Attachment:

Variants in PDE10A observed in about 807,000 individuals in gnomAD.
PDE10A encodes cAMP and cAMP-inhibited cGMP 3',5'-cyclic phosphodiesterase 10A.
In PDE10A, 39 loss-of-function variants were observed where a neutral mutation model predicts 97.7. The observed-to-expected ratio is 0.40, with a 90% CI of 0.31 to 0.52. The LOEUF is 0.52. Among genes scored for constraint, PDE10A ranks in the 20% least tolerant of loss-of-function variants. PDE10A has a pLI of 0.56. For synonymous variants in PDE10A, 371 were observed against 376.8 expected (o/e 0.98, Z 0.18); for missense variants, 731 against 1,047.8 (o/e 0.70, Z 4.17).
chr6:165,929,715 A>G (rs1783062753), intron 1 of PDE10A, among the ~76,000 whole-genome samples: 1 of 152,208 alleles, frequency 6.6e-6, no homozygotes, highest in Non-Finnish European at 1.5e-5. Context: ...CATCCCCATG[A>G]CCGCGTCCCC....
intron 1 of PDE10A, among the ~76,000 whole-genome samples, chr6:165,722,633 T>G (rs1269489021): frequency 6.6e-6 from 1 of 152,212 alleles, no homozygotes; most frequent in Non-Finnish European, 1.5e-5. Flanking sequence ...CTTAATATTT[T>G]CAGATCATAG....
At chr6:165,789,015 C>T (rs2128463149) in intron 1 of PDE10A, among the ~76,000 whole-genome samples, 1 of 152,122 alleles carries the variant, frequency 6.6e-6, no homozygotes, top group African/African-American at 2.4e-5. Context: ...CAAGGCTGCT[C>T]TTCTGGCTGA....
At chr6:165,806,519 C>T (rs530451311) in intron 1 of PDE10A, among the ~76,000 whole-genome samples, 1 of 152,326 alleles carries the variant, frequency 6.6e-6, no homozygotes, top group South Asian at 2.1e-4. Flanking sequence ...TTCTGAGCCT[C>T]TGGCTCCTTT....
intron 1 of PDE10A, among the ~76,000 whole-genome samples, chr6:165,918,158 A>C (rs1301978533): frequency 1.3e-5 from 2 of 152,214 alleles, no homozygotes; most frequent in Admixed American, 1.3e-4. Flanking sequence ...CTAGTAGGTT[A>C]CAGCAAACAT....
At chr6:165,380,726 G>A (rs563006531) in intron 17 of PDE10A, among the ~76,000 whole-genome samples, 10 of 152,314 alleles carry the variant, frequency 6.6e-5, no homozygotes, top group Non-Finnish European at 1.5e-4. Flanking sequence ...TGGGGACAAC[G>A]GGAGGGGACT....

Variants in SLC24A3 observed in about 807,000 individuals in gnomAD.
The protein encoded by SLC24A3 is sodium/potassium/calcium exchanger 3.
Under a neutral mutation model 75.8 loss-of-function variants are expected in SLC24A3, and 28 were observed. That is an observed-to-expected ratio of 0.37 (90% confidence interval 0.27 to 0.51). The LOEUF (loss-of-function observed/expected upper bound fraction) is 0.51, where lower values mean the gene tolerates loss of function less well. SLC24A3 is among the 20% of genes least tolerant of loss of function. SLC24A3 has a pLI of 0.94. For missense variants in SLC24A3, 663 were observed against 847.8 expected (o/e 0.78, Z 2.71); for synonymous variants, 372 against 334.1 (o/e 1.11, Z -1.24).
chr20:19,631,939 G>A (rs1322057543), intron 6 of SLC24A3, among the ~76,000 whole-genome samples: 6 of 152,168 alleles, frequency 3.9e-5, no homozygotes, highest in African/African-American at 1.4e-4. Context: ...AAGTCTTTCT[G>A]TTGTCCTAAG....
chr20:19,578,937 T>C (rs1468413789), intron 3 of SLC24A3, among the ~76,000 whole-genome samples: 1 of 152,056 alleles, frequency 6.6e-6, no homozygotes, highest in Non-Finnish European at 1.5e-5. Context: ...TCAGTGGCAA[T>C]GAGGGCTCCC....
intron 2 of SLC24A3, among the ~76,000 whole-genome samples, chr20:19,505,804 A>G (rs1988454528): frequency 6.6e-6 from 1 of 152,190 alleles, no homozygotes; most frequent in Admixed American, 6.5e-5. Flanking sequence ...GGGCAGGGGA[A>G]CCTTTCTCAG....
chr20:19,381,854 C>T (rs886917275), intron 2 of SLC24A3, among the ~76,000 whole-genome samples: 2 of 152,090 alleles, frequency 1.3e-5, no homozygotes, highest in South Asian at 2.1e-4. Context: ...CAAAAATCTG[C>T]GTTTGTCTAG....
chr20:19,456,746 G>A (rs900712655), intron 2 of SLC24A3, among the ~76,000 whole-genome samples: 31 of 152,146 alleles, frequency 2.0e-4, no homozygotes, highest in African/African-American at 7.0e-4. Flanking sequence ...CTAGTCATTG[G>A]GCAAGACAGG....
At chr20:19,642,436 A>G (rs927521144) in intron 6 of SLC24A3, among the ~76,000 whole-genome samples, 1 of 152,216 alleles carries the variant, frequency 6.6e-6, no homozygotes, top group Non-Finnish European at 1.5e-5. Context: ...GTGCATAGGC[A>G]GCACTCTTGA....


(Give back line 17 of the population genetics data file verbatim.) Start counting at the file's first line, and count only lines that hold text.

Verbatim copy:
chr20:19,456,746 G>A (rs900712655), intron 2 of SLC24A3, among the ~76,000 whole-genome samples: 31 of 152,146 alleles, frequency 2.0e-4, no homozygotes, highest in African/African-American at 7.0e-4. Flanking sequence ...CTAGTCATTG[G>A]GCAAGACAGG....